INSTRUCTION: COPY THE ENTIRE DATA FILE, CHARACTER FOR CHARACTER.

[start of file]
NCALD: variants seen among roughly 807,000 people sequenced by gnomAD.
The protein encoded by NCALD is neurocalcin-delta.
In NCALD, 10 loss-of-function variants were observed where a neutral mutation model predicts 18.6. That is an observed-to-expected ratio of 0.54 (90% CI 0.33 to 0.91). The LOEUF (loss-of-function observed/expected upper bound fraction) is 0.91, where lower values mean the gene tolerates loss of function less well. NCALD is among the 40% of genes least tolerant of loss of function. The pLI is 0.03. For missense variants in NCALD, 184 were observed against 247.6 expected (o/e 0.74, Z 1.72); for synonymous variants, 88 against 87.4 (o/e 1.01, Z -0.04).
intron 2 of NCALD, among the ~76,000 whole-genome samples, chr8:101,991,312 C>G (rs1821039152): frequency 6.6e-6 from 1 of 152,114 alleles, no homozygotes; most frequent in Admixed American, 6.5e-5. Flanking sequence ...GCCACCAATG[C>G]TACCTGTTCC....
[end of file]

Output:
NCALD: variants seen among roughly 807,000 people sequenced by gnomAD.
The protein encoded by NCALD is neurocalcin-delta.
In NCALD, 10 loss-of-function variants were observed where a neutral mutation model predicts 18.6. That is an observed-to-expected ratio of 0.54 (90% CI 0.33 to 0.91). The LOEUF (loss-of-function observed/expected upper bound fraction) is 0.91, where lower values mean the gene tolerates loss of function less well. NCALD is among the 40% of genes least tolerant of loss of function. The pLI is 0.03. For missense variants in NCALD, 184 were observed against 247.6 expected (o/e 0.74, Z 1.72); for synonymous variants, 88 against 87.4 (o/e 1.01, Z -0.04).
intron 2 of NCALD, among the ~76,000 whole-genome samples, chr8:101,991,312 C>G (rs1821039152): frequency 6.6e-6 from 1 of 152,114 alleles, no homozygotes; most frequent in Admixed American, 6.5e-5. Flanking sequence ...GCCACCAATG[C>G]TACCTGTTCC....